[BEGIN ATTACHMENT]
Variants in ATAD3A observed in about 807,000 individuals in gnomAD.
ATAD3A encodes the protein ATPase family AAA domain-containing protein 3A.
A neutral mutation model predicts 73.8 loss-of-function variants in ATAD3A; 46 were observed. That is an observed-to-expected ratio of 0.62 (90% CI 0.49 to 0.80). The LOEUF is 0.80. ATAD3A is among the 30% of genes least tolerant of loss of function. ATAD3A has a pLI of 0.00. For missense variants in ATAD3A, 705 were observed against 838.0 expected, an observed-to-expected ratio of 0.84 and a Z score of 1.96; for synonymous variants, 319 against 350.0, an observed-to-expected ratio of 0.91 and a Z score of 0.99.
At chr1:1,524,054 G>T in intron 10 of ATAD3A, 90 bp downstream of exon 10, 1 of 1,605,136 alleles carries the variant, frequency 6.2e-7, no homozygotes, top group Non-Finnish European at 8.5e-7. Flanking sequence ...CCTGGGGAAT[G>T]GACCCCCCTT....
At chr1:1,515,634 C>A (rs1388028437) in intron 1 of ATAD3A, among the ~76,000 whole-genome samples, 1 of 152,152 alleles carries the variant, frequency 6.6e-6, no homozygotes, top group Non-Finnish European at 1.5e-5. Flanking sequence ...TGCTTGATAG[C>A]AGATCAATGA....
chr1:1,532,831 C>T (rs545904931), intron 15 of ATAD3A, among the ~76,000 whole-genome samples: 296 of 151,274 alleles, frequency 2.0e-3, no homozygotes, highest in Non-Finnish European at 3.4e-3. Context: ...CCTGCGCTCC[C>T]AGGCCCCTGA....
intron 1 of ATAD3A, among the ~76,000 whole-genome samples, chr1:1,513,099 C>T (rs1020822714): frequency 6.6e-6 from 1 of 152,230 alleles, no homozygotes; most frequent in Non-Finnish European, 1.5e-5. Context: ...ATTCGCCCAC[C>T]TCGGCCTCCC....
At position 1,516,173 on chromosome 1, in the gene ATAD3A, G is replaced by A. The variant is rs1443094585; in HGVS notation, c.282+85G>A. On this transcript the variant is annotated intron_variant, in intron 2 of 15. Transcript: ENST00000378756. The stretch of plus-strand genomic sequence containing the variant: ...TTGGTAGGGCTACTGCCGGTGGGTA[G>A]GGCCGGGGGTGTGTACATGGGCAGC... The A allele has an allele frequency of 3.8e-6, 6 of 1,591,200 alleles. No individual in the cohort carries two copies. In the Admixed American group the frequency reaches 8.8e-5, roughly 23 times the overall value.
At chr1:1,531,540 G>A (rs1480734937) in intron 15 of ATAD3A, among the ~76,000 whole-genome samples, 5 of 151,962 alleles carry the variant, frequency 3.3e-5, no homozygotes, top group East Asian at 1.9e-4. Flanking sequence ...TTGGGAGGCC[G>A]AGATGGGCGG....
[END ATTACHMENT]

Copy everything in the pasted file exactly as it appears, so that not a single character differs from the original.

Variants in ATAD3A observed in about 807,000 individuals in gnomAD.
ATAD3A encodes the protein ATPase family AAA domain-containing protein 3A.
A neutral mutation model predicts 73.8 loss-of-function variants in ATAD3A; 46 were observed. That is an observed-to-expected ratio of 0.62 (90% CI 0.49 to 0.80). The LOEUF is 0.80. ATAD3A is among the 30% of genes least tolerant of loss of function. ATAD3A has a pLI of 0.00. For missense variants in ATAD3A, 705 were observed against 838.0 expected, an observed-to-expected ratio of 0.84 and a Z score of 1.96; for synonymous variants, 319 against 350.0, an observed-to-expected ratio of 0.91 and a Z score of 0.99.
At chr1:1,524,054 G>T in intron 10 of ATAD3A, 90 bp downstream of exon 10, 1 of 1,605,136 alleles carries the variant, frequency 6.2e-7, no homozygotes, top group Non-Finnish European at 8.5e-7. Flanking sequence ...CCTGGGGAAT[G>T]GACCCCCCTT....
At chr1:1,515,634 C>A (rs1388028437) in intron 1 of ATAD3A, among the ~76,000 whole-genome samples, 1 of 152,152 alleles carries the variant, frequency 6.6e-6, no homozygotes, top group Non-Finnish European at 1.5e-5. Flanking sequence ...TGCTTGATAG[C>A]AGATCAATGA....
chr1:1,532,831 C>T (rs545904931), intron 15 of ATAD3A, among the ~76,000 whole-genome samples: 296 of 151,274 alleles, frequency 2.0e-3, no homozygotes, highest in Non-Finnish European at 3.4e-3. Context: ...CCTGCGCTCC[C>T]AGGCCCCTGA....
intron 1 of ATAD3A, among the ~76,000 whole-genome samples, chr1:1,513,099 C>T (rs1020822714): frequency 6.6e-6 from 1 of 152,230 alleles, no homozygotes; most frequent in Non-Finnish European, 1.5e-5. Context: ...ATTCGCCCAC[C>T]TCGGCCTCCC....
At position 1,516,173 on chromosome 1, in the gene ATAD3A, G is replaced by A. The variant is rs1443094585; in HGVS notation, c.282+85G>A. On this transcript the variant is annotated intron_variant, in intron 2 of 15. Transcript: ENST00000378756. The stretch of plus-strand genomic sequence containing the variant: ...TTGGTAGGGCTACTGCCGGTGGGTA[G>A]GGCCGGGGGTGTGTACATGGGCAGC... The A allele has an allele frequency of 3.8e-6, 6 of 1,591,200 alleles. No individual in the cohort carries two copies. In the Admixed American group the frequency reaches 8.8e-5, roughly 23 times the overall value.
At chr1:1,531,540 G>A (rs1480734937) in intron 15 of ATAD3A, among the ~76,000 whole-genome samples, 5 of 151,962 alleles carry the variant, frequency 3.3e-5, no homozygotes, top group East Asian at 1.9e-4. Flanking sequence ...TTGGGAGGCC[G>A]AGATGGGCGG....